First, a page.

A client cannot urge that he can defraud his lawyer just because the two enter into a business relationship. That was recognized in Greene v. Greene, 56 N.Y.2d 86, 92, 436 N.E.2d 496, 499, 451 N.Y.S.2d 46, 49 (1982). This is not a case, as in Greene, of a lawyer obtaining an unwarranted benefit from a transaction with his client in which the client did not have independent counsel. It is undisputed that it was plaintiffs who put up 99% of the capital for the three limited partnerships at issue. Plaintiffs are not accused of taking Myers' money; plaintiffs' funds were taken by Myers. Myers, not plaintiffs, was the knowledgeable person. Myers was the real estate expert; plaintiffs were the investors. Myers may not defend his actions by urging that plaintiffs are barred from recovery because there was a lawyer-client relationship on matters other than the transactions at issue here.
In arguing that Milbank, as Myers' retained counsel on other matters, breached its fiduciary duty to him, defendants misstate holdings in Rode v. Branca, 481 F. Supp. 808 (E.D.N.Y. 1979) (does not hold that non-attorney must have independent counsel in transaction with attorney); Shaw v. Manufacturers Hanover Trust Co., 68 N.Y.2d 172, 499 N.E.2d 864, 507 N.Y.S.2d 610 (1986) (does not stand for the proposition that the fact that Myers had his own counsel here is immaterial; the issue was not even raised in Shaw since the client did not have separate counsel); and In re James, 452 A.2d 163 (D.C. App. 1982), cert. denied, 460 U.S. 1038, 75 L. Ed. 2d 789, 103 S. Ct. 1429 (1983) (does not require that advice to obtain separate counsel must be in writing).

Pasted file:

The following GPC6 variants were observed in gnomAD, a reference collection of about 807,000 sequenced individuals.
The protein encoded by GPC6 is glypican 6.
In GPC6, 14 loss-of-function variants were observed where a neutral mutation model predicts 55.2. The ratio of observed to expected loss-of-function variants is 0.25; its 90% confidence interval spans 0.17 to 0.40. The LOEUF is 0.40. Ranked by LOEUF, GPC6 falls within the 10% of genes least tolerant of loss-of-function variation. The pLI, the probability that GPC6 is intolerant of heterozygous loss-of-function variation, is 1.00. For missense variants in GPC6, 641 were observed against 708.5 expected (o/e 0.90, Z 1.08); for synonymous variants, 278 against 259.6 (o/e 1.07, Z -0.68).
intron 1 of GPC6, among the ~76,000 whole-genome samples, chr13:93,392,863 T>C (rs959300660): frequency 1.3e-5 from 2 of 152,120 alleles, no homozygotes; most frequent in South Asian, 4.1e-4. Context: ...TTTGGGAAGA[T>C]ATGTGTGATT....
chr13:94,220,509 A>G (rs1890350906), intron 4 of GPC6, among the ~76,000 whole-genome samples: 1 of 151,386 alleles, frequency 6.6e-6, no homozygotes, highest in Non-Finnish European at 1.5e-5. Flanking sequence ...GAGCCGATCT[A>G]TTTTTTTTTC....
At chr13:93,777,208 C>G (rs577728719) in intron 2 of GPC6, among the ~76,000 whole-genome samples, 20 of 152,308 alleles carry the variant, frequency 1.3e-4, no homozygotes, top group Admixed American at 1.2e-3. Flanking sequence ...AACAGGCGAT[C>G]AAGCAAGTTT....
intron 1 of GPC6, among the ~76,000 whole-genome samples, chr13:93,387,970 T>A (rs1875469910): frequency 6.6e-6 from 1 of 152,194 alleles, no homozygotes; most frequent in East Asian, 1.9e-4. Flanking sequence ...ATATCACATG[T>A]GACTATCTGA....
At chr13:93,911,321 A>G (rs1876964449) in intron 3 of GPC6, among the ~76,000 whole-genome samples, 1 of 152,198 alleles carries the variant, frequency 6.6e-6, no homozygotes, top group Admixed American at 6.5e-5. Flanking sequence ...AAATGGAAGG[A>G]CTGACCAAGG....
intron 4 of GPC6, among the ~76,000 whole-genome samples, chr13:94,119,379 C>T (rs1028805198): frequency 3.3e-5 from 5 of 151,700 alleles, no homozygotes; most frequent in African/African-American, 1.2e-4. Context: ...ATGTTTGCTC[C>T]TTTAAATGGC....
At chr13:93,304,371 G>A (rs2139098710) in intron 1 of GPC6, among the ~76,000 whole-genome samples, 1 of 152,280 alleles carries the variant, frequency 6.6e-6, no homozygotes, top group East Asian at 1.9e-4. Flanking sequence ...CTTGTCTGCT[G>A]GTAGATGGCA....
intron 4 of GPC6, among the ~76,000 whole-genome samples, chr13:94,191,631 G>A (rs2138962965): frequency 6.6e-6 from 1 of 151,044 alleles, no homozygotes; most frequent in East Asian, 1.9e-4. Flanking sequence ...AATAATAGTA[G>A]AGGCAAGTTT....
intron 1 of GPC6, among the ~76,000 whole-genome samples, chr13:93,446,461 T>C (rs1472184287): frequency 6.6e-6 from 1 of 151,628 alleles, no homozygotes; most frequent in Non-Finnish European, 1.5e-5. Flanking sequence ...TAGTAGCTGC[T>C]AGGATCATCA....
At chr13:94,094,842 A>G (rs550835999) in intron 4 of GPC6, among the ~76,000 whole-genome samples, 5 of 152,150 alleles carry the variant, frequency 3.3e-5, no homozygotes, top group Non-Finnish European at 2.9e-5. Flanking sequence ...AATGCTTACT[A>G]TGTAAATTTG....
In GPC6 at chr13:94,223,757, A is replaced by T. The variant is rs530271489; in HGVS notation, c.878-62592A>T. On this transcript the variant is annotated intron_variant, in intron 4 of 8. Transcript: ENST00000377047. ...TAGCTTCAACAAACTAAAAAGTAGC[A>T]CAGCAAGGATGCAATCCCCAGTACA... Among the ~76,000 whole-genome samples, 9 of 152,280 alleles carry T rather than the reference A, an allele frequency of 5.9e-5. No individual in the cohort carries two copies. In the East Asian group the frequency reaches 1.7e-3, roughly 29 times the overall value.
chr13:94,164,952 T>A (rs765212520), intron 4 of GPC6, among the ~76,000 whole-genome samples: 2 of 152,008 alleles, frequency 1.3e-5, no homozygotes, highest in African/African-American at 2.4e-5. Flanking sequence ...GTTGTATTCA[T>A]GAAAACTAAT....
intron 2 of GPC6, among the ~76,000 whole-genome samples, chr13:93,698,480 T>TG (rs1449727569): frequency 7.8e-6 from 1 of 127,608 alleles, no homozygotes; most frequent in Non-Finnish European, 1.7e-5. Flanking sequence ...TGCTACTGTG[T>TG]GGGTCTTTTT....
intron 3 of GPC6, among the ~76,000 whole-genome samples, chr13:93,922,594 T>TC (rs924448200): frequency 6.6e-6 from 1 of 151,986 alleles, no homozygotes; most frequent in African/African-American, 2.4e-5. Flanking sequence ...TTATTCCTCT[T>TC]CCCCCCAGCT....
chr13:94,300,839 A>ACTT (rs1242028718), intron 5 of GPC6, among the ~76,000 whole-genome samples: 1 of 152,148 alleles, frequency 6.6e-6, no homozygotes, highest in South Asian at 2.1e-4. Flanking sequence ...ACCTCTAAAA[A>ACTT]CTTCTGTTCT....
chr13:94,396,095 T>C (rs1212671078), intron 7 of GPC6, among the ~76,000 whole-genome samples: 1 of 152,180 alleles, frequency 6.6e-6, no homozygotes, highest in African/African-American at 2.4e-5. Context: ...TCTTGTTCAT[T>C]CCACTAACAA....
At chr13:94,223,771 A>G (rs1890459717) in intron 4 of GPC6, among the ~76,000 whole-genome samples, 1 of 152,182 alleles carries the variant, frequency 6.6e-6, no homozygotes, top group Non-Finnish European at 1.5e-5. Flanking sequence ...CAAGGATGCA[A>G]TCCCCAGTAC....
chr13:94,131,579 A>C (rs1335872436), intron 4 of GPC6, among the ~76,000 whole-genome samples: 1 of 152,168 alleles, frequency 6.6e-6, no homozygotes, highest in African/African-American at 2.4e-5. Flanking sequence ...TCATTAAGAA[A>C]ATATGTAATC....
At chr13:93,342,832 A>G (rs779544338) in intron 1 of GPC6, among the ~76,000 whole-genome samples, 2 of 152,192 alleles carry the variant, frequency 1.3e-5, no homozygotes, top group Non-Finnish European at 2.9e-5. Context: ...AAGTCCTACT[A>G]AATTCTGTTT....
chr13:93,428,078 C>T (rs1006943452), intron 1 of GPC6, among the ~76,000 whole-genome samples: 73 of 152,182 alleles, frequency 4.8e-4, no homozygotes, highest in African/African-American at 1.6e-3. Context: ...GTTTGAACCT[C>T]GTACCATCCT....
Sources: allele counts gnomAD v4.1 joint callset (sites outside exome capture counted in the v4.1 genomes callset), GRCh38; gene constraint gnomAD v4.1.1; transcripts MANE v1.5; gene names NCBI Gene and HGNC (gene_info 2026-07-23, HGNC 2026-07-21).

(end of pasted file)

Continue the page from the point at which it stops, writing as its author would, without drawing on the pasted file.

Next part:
It is true that Myers, as a clients Milbank, confided on other matters with some Milbank attorneys who later became plaintiff limited partners. However, the court sees no basis to conclude that any Milbank attorney put any of the confidences to an unreasonable use, acted with fraudulent intent, or behaved unethically with respect to any of the matters raised in this lawsuit. See Rode v. Branca, 481 F. Supp. 808, 811 (E.D.N.Y. 1979).
I. Punitive Damages.
In this case arising, inter alia, under the Federal securities laws, this court has jurisdiction to award punitive damages on plaintiffs' pendant state law claims. Aldrich v. Thomson McKinnon Sec., Inc., 756 F.2d 243, 246-47 n.3 (2d Cir. 1985). Thus, under Texas law, which governs the Durham and Sacramento Limited Partnerships, the court may consider punitive damage awards on plaintiffs' common law fraud and breach of fiduciary duty claims. Boelens v. Redman Homes, Inc., 748 F.2d 1058, 1070 (5th Cir. 1984) (punitive damages properly allowed in tort actions); Murphy v. Canion, 797 S.W.2d 944, 949 (Tex. App. Houston 1990) (exemplary or punitive damages are proper when a fiduciary has engaged in self-dealing).